What to know about Safaris in Africa on a budget

Who could possibly turn down the adventure of an Africa safari? For many such a trip is the opportunity of a lifetime but if you plan for it poorly, you might part with all your life savings just to make it happen.

The safari industry is big business in Africa. Most marketing is niche tailored with tented camps and lodges offering the best of excellent service.

The safari destinations are kept remote so as to avoid any distortions of the natural habitats and scenery by human activities. Thus the need to be airlifted to most of these places. 

What constitutes a good safari experience varies among different people. If comfort is a major factor in where one goes for holiday, they must pick the right season for going on safari. This helps in arriving at decisions on where one should visit. For others, a DIY experience such as camping or hiking offers value for their time and presence. This guide will help you get the best out of your safari trip as you plan.

1. Timing is everything 

The timing of your Safari can significantly affect cost and quality. Different regions have different seasons, however, you can exploit those differences to your financial benefit. For instance, the best time to visit Tanzania, Kenya, and Uganda is around January and February. This is the high season when most parks are booked. At just about the same time, Botswana experiences a low season from December to March. Normally, low seasons mean low prices as the demand is less. In that regard, if you opt for Botswana you will spend less and get to see the same wildlife. You can even place a wager and go during the short rainy seasons - where you experience a downpour or two in the afternoons. It might be wet but not to a point that adversely affects your Safari.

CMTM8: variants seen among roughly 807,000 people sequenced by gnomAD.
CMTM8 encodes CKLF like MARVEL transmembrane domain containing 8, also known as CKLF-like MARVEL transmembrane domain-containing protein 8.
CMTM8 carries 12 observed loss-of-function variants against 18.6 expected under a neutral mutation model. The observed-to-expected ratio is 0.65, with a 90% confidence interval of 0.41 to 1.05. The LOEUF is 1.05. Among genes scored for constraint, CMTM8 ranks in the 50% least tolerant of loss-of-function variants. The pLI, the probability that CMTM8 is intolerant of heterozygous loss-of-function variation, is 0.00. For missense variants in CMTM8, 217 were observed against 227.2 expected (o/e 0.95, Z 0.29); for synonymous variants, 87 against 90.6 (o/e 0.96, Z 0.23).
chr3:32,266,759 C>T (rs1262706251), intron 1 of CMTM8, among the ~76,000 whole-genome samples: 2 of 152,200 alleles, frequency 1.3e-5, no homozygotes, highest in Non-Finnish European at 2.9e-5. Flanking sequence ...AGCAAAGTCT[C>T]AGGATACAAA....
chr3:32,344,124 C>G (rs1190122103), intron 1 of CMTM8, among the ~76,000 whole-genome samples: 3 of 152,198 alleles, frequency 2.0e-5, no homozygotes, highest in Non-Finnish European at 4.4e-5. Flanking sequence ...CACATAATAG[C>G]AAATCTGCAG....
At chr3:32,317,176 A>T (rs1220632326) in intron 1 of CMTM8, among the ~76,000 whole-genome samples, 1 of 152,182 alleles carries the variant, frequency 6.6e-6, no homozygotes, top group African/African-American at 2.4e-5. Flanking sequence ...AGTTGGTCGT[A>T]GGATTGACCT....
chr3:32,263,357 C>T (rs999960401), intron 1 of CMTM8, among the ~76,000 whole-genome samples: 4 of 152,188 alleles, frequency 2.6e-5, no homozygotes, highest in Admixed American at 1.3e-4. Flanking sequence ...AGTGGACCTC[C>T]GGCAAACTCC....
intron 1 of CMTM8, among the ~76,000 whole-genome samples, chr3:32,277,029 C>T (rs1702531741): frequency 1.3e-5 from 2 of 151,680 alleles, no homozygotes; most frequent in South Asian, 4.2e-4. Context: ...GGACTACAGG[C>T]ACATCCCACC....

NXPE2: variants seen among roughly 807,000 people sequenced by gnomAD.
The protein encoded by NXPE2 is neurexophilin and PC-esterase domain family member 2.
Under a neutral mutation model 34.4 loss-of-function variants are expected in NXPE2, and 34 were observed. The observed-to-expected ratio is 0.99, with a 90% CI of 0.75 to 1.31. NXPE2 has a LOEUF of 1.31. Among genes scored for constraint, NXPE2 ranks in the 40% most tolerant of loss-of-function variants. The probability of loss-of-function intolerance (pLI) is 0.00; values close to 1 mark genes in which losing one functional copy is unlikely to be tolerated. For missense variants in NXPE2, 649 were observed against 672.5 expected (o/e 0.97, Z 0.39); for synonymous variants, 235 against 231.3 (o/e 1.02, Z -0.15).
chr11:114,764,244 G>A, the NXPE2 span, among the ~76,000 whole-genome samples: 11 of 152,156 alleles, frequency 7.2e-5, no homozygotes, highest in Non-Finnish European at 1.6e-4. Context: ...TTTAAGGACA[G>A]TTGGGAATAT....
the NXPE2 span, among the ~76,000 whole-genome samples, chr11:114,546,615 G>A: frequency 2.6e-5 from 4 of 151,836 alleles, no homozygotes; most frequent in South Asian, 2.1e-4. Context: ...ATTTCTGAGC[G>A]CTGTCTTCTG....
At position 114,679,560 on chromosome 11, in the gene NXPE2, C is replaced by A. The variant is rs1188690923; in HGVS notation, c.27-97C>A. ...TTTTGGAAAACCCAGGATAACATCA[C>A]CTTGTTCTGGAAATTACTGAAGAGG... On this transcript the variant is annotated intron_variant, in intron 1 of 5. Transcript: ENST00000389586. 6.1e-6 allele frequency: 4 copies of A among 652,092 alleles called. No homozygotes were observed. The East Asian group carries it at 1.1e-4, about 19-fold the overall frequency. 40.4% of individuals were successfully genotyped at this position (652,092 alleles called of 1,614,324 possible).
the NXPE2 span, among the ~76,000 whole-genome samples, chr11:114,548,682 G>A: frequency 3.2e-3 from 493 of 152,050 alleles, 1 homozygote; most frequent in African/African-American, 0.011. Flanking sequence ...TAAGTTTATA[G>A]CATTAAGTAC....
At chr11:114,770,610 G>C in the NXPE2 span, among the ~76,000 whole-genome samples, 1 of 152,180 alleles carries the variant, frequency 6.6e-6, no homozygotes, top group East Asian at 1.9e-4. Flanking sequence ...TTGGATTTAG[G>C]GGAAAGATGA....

2. Planning yourself

As a general law of travel, a DIY (Do It Yourself) travel plan is way cheaper than an all-inclusive package. When going on Safari DIY basically means, booking your own accommodation, and making the necessary travel arrangements. This only makes financial sense if you opt for the budget and mid-range categories.

The cost implications for your preferred choice of transport are huge. For instance, renting a 4WD for a self-drive safari will cover both accommodation and travel at a go. Destinations, where you have to fly to some remote airstrip, raises costs. Nevertheless, note the pros and cons of every scenario before proceeding. Will you be bogged down with the responsibility of camping with the 4WD? Is the cost difference worth the forfeit? Eventually, what offers value for money is your best bet. 

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3. Where to go

Southern Africa

Safari trips to Southern Africa are known for diversity. Some of the continent’s most iconic places and features are at the Kruger Park in South Africa, Namib Desert dunes in Namibia, Victoria Falls in Zimbabwe, and Lake Malawi in Malawi. If you plan on a complete Southern Africa circuit and enter the region from South Africa, you can easily access all other areas. The main areas can be easily accessed thanks to modern logistics and good infrastructure linkages. Most places are accommodative to families with children.